Methods

Participants

Participants were recruited as part of an observational study aimed at understanding the pathogenesis of autonomic dysfunction in patients with CFS. Participants fulfilled the diagnostic criteria for CFS.11 The study was approved by the research ethics committee (REC 12/NE/0146, CLRN ID 97805). Participants were not selected positively or negatively according to any criteria other than the fact that they were attending a clinical service and had a Fukuda diagnosis of CFS,12 although they were excluded if they screened positive for a major depressive episode as assessed using the Structured Clinical Interview for the Diagnostic and Statistical Manual of Mental Disorders (version IV; SCID-IV)13 or were taking vasoactive medication or known to have diabetes. Fatigue impact was assessed by the Fatigue Impact Scale (FIS).14

Controls were recruited via notices provided in the hospital and University together with a distribution of posters via the local patient support group where we invited relatives of those with CFS to participate. Controls fulfilled the same inclusion and exclusion criteria as participants with CFS; they were not positively or negatively recruited according to fatigue severity or the presence or absence of particular symptoms. All participants provided written informed consent.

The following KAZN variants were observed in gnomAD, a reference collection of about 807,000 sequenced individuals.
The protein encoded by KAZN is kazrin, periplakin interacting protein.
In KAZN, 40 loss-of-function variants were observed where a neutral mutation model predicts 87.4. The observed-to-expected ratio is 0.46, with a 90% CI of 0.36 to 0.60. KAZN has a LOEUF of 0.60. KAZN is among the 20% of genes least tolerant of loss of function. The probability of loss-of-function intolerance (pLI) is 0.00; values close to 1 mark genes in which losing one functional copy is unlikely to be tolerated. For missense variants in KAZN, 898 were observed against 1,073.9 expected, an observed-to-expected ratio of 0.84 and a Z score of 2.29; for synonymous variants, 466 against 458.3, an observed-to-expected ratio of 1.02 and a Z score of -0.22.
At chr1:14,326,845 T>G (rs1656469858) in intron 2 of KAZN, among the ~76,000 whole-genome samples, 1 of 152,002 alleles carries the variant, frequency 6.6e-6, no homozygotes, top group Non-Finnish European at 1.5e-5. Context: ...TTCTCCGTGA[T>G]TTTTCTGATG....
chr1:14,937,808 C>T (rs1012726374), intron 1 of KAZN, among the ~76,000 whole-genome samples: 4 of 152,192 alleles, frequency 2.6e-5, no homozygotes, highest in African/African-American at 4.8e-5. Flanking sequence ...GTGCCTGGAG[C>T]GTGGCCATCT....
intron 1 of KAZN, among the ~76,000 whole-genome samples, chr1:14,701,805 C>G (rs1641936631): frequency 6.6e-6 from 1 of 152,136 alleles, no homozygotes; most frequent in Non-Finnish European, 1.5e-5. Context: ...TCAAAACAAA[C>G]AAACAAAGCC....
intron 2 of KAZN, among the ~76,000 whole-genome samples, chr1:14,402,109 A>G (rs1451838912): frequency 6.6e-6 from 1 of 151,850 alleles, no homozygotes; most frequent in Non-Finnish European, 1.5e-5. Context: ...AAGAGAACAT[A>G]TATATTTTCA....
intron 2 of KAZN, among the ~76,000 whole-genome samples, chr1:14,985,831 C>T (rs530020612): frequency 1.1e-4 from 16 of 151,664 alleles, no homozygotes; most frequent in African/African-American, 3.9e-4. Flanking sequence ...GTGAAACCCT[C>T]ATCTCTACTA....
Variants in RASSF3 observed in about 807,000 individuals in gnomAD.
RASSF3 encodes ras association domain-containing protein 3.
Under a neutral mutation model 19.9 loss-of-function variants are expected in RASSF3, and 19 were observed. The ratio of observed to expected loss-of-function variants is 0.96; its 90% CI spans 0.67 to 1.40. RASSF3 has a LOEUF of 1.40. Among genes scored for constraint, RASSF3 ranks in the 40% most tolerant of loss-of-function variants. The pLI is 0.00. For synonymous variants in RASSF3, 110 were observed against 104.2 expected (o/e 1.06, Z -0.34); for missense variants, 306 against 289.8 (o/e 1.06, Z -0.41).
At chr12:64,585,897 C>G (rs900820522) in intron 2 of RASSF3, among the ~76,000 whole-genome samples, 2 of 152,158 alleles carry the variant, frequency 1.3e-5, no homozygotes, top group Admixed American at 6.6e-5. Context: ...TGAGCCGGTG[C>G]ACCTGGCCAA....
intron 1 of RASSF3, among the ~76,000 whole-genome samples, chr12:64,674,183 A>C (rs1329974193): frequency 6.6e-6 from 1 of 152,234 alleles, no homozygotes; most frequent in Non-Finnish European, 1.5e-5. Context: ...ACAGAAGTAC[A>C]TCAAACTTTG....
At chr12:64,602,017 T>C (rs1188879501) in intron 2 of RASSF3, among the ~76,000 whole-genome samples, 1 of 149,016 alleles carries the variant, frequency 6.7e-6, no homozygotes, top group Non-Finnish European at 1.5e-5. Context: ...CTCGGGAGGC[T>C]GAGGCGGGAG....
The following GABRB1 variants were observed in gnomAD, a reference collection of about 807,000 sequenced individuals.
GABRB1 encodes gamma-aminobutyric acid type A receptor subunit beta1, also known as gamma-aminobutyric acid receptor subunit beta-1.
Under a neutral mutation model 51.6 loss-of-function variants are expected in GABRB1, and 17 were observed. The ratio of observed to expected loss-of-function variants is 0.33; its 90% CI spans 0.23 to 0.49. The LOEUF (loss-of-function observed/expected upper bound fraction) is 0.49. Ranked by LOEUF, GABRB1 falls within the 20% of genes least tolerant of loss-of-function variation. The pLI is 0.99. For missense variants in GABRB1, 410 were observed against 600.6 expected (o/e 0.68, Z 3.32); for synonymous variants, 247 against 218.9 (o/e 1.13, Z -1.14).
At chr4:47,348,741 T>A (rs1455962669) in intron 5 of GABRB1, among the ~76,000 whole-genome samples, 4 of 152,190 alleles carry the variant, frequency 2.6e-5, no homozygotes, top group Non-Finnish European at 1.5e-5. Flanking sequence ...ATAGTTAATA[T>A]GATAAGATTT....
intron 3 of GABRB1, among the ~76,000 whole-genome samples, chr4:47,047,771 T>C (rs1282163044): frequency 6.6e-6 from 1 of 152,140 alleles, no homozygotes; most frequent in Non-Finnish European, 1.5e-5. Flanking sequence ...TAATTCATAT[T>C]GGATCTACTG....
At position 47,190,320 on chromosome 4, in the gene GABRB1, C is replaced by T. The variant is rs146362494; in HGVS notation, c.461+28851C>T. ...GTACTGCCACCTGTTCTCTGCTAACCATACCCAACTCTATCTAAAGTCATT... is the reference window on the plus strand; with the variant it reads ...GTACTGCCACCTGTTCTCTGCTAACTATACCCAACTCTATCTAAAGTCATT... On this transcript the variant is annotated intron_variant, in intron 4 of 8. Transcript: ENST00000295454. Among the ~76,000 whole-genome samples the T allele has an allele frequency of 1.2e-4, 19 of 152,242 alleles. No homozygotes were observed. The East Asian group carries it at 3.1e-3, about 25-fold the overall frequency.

Procedure

After completing the symptom assessment tools, the Task Force Monitor (CNSystems, Graz, Austria) was applied and participants rested supine in a quiet room with standard temperature and lighting. All measurements were performed at the same time of the day and after a light breakfast. After 10 min unrecorded rest, measurement of heart rate and blood pressure was recorded over 10 min supine rest.

Cardiac MR

Cardiac examinations were performed using a 3 T Philips Intera Achieva scanner (Best, NL). A dedicated six-channel cardiac coil (Philips, Best, NL) is used with the participants in a supine position and ECG gating (Philips vectorcardiogram, VCG system). Cardiac MR cine imaging is acquired to assess cardiac morphology, and systolic and diastolic function. A stack of balanced steady-state free precession images were obtained in the short-axis view during breath holding covering the entire left ventricle (field of view=350 mm, repetition time/echo time=3.7/1.9 ms, turbo factor 17, flip angle 40°, slice thickness 8 mm, 0 mm gap, 14 slices, 25 phases, resolution 1.37 mm, temporal duration ∼40 ms per phase, dependent on heart rate). Image analysis was performed using the cardiac analysis package of the ViewForum workstation (Philips, Best, NL). Manual tracing of the epicardial and endocardial borders was performed on the short-axis slices at end systole and end diastole by a trained radiographer. The algorithm for contour selection and subsequently calculating LV mass, systolic and diastolic parameters has been detailed elsewhere; all parameters were controlled for body surface area.15